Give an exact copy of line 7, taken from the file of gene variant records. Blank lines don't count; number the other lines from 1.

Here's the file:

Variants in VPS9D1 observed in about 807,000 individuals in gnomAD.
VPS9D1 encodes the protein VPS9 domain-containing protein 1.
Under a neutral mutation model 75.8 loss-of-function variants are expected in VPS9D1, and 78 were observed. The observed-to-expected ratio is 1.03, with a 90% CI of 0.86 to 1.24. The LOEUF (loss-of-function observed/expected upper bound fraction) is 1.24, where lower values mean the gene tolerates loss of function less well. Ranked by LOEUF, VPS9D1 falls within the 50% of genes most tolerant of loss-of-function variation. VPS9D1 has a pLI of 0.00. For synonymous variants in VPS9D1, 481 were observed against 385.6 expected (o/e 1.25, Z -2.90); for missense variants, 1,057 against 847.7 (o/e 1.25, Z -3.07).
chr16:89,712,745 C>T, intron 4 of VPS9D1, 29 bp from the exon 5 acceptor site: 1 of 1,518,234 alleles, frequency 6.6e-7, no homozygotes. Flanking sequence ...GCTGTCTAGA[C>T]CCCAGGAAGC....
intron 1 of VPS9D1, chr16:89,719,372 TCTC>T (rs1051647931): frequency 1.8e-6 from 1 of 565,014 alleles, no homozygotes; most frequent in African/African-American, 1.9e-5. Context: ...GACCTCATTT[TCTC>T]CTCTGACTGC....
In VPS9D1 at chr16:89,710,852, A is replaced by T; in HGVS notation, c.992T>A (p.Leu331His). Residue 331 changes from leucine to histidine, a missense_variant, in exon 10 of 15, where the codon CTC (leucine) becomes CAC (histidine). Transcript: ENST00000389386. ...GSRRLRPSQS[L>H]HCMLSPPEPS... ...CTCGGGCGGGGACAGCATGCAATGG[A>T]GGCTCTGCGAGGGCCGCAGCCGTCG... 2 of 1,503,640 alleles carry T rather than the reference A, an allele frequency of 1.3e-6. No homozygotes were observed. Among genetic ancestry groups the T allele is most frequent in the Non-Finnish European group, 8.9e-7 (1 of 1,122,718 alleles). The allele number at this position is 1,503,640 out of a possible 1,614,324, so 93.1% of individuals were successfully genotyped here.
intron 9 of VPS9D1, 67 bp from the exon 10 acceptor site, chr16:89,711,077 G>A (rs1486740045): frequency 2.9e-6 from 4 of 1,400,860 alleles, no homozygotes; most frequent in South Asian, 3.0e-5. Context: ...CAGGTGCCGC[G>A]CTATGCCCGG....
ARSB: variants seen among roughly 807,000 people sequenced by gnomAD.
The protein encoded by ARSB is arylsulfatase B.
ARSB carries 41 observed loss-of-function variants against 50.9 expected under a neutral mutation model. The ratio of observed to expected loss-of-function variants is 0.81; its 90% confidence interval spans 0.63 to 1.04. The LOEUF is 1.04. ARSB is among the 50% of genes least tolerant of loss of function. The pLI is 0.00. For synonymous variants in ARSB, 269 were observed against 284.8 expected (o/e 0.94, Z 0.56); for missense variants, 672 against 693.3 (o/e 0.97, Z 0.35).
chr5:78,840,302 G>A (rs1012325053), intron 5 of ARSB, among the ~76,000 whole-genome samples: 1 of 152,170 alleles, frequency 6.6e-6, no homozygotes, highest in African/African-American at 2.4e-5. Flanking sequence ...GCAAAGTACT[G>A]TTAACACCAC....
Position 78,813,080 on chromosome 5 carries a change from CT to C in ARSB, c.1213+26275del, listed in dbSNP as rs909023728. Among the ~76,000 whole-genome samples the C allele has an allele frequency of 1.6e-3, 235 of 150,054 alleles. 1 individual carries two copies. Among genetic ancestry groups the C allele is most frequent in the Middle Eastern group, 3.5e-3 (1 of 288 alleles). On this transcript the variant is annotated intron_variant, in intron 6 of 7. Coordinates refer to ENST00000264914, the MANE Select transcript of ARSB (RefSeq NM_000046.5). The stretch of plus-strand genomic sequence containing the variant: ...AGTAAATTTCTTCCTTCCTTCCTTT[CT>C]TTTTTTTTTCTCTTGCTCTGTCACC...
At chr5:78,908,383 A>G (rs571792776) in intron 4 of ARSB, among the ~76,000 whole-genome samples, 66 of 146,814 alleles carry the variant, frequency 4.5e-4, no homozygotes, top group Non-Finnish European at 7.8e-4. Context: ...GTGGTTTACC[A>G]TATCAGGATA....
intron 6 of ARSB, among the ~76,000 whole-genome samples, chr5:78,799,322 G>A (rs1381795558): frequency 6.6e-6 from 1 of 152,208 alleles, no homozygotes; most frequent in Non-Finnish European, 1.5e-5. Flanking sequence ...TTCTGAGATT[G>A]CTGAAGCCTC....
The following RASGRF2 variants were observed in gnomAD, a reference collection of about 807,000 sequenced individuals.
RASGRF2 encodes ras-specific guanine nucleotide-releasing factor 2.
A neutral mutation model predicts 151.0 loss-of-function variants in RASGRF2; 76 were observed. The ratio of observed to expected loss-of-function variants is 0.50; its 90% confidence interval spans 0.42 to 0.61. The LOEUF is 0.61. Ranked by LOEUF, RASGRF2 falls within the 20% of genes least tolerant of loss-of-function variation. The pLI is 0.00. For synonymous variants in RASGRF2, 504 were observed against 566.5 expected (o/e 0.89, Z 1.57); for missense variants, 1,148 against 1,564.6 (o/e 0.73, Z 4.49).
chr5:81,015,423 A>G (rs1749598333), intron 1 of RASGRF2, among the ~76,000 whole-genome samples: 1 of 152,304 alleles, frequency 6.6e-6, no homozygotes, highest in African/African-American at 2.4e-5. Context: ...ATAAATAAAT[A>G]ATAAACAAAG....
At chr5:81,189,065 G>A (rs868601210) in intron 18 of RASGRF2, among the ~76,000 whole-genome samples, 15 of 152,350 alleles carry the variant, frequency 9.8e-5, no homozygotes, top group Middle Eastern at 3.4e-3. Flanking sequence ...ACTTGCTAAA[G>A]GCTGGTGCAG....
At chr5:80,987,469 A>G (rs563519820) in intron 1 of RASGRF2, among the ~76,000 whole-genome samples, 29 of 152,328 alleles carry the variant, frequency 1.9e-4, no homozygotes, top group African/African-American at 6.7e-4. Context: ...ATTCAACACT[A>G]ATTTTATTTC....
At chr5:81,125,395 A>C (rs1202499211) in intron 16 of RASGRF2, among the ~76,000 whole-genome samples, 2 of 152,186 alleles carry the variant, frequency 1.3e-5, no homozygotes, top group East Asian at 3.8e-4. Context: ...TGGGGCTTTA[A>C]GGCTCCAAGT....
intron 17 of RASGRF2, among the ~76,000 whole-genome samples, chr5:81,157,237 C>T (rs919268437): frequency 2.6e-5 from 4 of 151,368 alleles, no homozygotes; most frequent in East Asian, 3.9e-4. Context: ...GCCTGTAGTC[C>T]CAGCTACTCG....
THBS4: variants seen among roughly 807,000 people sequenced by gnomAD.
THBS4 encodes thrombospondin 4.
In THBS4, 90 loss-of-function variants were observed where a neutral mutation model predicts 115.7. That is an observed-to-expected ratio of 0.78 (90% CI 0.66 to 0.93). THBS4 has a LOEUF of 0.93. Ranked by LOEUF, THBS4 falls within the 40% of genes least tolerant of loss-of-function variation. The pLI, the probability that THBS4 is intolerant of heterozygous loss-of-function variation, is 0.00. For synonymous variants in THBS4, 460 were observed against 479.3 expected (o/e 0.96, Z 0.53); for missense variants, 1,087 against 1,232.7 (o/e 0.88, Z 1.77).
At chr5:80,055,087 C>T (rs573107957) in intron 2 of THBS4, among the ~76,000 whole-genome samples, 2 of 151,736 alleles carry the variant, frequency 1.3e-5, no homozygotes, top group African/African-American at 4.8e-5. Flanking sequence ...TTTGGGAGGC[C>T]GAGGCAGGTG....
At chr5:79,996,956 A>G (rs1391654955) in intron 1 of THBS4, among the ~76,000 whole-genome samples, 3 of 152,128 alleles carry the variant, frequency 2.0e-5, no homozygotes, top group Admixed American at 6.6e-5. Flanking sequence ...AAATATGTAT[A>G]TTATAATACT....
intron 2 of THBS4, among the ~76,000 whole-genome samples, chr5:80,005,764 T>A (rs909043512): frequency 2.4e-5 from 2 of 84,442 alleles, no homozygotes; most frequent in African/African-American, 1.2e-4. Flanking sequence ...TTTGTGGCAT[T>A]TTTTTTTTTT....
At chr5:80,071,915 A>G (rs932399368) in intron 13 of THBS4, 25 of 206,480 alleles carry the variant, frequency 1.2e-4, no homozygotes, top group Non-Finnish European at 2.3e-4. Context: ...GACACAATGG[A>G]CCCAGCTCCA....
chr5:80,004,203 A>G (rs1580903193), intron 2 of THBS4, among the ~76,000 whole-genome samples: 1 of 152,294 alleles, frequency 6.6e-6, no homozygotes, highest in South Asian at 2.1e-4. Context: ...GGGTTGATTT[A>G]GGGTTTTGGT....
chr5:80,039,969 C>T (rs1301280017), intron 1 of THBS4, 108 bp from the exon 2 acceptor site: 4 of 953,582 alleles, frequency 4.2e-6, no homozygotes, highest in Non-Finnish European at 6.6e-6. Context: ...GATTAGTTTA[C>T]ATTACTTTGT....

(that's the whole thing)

intron 9 of VPS9D1, 67 bp from the exon 10 acceptor site, chr16:89,711,077 G>A (rs1486740045): frequency 2.9e-6 from 4 of 1,400,860 alleles, no homozygotes; most frequent in South Asian, 3.0e-5. Context: ...CAGGTGCCGC[G>A]CTATGCCCGG....